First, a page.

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      Functional Transcripts Indicate Phylogenetically Diverse Active Ammonia-Scavenging Microbiota in Sympatric Sponges

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          Abstract

          Symbiotic ammonia scavengers contribute to effective removal of ammonia in sponges. However, the phylogenetic diversity and in situ activity of ammonia-scavenging microbiota between different sponge species are poorly addressed. Here, transcribed ammonia monooxygenase genes (amoA), hydrazine synthase genes (hzsA), and glutamine synthetase genes (glnA) were analyzed to reveal the active ammonia-scavenging microbiota in the sympatric sponges Theonella swinhoei, Plakortis simplex, and Phakellia fusca, and seawater. Archaeal amoA and bacterial glnA transcripts rather than bacterial amoA, hzsA, and archaeal glnA transcripts were detected in the investigated sponges and seawater. The transcribed amoA genes were ascribed to two Thaumarchaeota ecotypes, while the transcribed glnA genes were interspersed among the lineages of Cyanobacteria, Tectomicrobia, Poribacteria, Alpha-, Beta-, Gamma-, and Epsilonproteobacteria. In addition, transcribed abundances of archaeal amoA and bacterial glnA genes in these sponges have been quantified, showing significant variation among the investigated sponges and seawater. The transcriptome-based qualitative and quantitative analyses clarified the different phylogenetic diversity and transcription expression of functional genes related to microbially mediated ammonia scavenging in different sympatric sponges, contributing to the understanding of in situ active ecological functions of sponge microbial symbionts in holobiont nitrogen cycling.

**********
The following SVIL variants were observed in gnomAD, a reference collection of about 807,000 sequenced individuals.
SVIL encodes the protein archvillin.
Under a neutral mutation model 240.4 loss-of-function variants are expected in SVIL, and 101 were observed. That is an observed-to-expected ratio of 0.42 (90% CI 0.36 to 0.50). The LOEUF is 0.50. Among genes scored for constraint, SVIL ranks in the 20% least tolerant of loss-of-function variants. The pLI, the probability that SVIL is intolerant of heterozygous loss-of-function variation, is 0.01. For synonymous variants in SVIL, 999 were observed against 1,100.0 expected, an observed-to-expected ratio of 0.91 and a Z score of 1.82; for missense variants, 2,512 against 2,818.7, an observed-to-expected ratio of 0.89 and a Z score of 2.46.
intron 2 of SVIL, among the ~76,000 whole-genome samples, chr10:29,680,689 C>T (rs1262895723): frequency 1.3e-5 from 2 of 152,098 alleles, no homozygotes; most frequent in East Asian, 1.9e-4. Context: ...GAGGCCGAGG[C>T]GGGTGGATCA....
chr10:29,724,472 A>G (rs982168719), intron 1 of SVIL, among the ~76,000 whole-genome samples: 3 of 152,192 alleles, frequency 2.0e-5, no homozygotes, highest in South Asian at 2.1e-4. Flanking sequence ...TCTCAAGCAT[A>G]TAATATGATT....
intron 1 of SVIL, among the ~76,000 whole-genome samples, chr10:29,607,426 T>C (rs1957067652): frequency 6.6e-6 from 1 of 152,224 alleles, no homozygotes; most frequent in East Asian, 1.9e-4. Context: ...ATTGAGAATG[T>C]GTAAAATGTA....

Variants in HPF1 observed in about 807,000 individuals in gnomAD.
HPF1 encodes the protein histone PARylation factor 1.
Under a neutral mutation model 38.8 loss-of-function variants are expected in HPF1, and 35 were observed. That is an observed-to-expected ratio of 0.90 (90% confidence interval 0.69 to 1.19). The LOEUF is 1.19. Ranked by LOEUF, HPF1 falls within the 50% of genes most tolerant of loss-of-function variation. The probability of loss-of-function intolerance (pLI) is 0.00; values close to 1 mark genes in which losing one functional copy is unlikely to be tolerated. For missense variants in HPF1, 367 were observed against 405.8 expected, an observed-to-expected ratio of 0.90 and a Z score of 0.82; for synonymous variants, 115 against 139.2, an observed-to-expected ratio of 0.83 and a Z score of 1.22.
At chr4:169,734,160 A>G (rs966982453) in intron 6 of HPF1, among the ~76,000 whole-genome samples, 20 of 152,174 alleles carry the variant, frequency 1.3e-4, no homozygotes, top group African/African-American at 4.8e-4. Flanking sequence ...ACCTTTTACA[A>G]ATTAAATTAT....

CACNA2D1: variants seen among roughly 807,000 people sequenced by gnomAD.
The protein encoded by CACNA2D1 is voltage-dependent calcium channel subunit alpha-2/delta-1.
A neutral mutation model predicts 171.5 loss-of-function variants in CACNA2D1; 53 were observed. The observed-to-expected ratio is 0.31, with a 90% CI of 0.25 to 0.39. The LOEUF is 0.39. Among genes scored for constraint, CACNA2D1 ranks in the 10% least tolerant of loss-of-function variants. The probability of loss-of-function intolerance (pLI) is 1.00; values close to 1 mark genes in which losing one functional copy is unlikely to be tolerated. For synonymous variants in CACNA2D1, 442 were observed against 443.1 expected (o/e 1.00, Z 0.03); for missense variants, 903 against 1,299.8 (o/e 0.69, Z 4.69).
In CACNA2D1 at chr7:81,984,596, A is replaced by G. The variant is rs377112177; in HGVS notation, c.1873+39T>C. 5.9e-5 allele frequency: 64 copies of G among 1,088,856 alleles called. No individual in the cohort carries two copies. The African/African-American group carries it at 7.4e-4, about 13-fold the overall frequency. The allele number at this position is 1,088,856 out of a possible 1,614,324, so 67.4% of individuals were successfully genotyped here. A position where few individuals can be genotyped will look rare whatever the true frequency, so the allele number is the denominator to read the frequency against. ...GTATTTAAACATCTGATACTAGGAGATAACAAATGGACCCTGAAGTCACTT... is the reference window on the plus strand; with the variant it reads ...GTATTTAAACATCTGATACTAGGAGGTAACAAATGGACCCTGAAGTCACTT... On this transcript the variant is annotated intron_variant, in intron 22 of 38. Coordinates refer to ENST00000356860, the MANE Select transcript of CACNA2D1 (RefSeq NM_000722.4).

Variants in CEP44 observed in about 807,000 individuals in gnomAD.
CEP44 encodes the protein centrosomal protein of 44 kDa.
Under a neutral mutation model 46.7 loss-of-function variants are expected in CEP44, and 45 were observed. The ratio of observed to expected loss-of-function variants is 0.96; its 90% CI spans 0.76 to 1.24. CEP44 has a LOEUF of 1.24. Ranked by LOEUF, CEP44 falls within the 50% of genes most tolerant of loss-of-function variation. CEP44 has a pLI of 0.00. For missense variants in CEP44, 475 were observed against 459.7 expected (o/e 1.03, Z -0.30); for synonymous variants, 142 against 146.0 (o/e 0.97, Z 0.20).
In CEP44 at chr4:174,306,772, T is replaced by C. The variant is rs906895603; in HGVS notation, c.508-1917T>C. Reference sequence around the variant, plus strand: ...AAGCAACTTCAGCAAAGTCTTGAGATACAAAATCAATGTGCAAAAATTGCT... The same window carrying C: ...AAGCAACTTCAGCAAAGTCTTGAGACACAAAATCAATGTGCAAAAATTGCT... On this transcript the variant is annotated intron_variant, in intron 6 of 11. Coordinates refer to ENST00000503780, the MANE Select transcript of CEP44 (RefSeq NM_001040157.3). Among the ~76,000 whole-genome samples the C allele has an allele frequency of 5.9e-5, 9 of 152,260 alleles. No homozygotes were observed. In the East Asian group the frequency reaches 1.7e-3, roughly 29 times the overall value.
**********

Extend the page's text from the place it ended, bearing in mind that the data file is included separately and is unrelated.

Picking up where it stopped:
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          Author and article information

          Journal
          Marine Biotechnology
          Mar Biotechnol
          Springer Science and Business Media LLC
          1436-2228
          1436-2236
          April 2018
          February 8 2018
          April 2018
          : 20
          : 2
          : 131-143
          Article
          10.1007/s10126-018-9797-5
          29423641
          2d44902a-9cd9-474b-8d1f-ba50d12c6cb0
          © 2018

          http://www.springer.com/tdm


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